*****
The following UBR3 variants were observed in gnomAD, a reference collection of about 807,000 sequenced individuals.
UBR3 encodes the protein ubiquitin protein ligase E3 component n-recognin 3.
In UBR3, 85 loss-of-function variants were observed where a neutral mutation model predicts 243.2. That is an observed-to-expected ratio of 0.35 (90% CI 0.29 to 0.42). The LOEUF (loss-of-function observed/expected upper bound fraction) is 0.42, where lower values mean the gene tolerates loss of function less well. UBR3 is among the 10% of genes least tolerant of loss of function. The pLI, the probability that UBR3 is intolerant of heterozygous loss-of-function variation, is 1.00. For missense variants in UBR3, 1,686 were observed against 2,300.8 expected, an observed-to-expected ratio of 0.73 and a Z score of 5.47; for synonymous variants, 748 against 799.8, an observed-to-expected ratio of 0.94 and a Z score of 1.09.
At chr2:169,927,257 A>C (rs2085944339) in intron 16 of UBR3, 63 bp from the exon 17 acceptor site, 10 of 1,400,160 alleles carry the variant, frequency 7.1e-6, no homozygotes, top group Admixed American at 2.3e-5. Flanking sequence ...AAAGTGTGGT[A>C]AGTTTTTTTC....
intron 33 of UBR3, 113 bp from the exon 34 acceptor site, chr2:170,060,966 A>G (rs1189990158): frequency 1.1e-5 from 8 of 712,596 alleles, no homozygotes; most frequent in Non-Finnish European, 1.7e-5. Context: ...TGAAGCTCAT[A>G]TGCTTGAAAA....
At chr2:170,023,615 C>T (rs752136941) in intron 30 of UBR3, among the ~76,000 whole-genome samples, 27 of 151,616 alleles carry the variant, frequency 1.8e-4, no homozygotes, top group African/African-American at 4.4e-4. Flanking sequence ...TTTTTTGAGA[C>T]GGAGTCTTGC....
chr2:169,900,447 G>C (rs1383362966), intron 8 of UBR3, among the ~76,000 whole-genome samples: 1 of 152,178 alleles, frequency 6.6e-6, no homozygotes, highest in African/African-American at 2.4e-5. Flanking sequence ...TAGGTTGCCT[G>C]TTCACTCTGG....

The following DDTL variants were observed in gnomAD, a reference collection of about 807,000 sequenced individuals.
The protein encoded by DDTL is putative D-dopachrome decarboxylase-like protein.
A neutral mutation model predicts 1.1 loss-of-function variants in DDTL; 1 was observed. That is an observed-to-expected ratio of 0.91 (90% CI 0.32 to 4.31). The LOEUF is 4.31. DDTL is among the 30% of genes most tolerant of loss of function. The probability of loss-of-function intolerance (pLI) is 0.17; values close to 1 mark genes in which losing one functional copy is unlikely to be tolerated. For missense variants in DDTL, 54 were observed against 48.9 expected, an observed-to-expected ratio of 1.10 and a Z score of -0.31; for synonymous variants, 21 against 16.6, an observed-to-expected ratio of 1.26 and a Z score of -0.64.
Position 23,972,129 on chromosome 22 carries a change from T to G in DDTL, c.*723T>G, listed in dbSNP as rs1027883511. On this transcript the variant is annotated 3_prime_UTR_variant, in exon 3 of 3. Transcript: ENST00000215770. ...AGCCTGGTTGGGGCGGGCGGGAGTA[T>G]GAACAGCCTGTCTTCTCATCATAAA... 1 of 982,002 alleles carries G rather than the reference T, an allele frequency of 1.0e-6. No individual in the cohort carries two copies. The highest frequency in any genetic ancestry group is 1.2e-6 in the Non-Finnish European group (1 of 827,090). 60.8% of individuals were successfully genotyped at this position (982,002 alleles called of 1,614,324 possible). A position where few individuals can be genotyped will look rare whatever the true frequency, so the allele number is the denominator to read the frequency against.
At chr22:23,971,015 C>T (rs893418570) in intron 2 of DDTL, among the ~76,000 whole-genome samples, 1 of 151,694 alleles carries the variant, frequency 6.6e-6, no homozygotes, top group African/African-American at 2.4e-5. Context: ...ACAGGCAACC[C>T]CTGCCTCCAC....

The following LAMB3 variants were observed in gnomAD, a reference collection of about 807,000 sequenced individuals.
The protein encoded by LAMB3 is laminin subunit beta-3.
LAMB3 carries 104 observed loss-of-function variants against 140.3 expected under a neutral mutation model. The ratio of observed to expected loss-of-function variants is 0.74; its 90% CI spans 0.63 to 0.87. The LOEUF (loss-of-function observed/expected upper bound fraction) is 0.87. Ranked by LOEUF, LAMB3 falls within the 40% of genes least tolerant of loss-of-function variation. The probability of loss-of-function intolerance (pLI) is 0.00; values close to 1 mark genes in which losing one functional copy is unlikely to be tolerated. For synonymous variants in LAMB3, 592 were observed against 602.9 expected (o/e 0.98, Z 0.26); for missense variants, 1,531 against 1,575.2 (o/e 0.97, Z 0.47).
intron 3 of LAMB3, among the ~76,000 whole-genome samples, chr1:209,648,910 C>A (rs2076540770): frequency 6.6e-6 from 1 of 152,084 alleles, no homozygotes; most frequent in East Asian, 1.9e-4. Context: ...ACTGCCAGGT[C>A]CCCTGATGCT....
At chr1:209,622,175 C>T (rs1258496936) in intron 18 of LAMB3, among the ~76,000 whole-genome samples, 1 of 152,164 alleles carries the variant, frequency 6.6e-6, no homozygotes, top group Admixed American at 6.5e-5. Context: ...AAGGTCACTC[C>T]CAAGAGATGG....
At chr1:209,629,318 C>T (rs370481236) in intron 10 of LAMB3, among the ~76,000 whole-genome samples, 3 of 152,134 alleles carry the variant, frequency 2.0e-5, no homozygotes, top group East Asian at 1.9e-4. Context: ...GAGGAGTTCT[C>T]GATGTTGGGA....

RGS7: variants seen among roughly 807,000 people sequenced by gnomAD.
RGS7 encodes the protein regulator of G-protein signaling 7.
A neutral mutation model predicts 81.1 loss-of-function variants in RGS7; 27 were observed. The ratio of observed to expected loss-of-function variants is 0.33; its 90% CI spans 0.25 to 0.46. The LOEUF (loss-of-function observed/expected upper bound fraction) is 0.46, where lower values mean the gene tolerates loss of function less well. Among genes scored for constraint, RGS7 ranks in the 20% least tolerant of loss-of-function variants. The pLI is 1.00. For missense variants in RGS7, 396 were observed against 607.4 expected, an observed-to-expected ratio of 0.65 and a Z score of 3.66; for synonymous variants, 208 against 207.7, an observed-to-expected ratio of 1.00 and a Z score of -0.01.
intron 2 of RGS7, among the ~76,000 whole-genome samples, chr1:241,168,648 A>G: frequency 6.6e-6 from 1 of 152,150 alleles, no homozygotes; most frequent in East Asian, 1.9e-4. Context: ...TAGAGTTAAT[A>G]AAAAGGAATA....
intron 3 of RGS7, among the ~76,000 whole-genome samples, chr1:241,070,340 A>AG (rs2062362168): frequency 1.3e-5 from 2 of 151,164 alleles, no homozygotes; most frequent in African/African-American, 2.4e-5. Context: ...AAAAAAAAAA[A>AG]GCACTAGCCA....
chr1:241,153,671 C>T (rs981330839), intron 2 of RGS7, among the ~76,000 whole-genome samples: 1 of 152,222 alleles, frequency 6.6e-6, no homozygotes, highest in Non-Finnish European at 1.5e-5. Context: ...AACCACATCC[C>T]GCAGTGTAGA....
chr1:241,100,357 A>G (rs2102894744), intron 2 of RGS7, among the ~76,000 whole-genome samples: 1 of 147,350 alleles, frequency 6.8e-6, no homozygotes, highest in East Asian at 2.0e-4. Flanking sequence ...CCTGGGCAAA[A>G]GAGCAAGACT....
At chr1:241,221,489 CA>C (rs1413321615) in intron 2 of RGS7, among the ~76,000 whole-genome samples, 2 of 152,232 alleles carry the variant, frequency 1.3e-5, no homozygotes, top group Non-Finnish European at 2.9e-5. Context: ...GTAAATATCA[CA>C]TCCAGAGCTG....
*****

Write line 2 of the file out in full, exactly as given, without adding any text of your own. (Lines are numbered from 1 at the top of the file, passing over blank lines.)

UBR3 encodes the protein ubiquitin protein ligase E3 component n-recognin 3.